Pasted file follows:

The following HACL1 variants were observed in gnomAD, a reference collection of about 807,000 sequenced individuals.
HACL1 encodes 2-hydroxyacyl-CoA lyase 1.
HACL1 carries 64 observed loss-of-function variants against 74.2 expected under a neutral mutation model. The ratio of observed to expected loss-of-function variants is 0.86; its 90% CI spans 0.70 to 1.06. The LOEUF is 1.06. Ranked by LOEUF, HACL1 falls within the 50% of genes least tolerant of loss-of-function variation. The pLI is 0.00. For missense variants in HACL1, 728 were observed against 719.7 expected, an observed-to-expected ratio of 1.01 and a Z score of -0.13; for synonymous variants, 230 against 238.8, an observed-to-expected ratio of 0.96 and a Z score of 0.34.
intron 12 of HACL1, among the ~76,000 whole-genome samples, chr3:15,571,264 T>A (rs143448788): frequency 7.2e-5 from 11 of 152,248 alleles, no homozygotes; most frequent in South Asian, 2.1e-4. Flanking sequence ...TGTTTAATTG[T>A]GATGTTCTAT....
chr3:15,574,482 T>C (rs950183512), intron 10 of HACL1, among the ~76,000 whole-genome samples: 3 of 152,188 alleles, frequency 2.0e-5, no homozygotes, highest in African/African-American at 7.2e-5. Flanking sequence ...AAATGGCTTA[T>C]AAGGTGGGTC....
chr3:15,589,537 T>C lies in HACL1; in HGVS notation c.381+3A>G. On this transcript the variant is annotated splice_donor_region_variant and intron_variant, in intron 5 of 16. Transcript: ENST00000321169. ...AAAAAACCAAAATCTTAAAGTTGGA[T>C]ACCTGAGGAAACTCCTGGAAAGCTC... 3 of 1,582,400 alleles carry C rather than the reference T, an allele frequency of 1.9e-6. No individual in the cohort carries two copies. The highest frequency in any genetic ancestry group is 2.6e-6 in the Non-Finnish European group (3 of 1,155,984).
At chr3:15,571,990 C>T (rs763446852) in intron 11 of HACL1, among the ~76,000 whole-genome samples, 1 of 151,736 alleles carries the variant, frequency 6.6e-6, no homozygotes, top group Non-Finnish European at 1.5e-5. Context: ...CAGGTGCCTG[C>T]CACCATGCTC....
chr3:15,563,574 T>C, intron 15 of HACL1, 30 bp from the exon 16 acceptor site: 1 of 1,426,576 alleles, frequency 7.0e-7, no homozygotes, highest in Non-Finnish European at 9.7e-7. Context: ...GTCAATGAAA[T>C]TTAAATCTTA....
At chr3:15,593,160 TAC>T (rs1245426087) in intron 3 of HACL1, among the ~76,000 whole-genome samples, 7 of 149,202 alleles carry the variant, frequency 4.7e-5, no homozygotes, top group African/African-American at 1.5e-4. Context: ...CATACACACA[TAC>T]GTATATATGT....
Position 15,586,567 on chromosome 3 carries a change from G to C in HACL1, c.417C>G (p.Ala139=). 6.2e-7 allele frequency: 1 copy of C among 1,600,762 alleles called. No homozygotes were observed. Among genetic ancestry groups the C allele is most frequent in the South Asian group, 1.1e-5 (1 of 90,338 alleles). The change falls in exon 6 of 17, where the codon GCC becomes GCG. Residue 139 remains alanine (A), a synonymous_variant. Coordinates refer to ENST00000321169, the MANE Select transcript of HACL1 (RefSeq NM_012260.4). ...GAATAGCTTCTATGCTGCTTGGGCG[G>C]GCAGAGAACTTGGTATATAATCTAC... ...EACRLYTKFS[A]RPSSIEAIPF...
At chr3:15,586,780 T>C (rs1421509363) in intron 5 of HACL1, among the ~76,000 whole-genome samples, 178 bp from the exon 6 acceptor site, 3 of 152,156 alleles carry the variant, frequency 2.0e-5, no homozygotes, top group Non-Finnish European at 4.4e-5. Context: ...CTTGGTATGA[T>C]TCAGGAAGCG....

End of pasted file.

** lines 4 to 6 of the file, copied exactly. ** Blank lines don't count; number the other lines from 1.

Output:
intron 12 of HACL1, among the ~76,000 whole-genome samples, chr3:15,571,264 T>A (rs143448788): frequency 7.2e-5 from 11 of 152,248 alleles, no homozygotes; most frequent in South Asian, 2.1e-4. Flanking sequence ...TGTTTAATTG[T>A]GATGTTCTAT....
chr3:15,574,482 T>C (rs950183512), intron 10 of HACL1, among the ~76,000 whole-genome samples: 3 of 152,188 alleles, frequency 2.0e-5, no homozygotes, highest in African/African-American at 7.2e-5. Flanking sequence ...AAATGGCTTA[T>C]AAGGTGGGTC....
chr3:15,589,537 T>C lies in HACL1; in HGVS notation c.381+3A>G. On this transcript the variant is annotated splice_donor_region_variant and intron_variant, in intron 5 of 16. Transcript: ENST00000321169. ...AAAAAACCAAAATCTTAAAGTTGGA[T>C]ACCTGAGGAAACTCCTGGAAAGCTC... 3 of 1,582,400 alleles carry C rather than the reference T, an allele frequency of 1.9e-6. No individual in the cohort carries two copies. The highest frequency in any genetic ancestry group is 2.6e-6 in the Non-Finnish European group (3 of 1,155,984).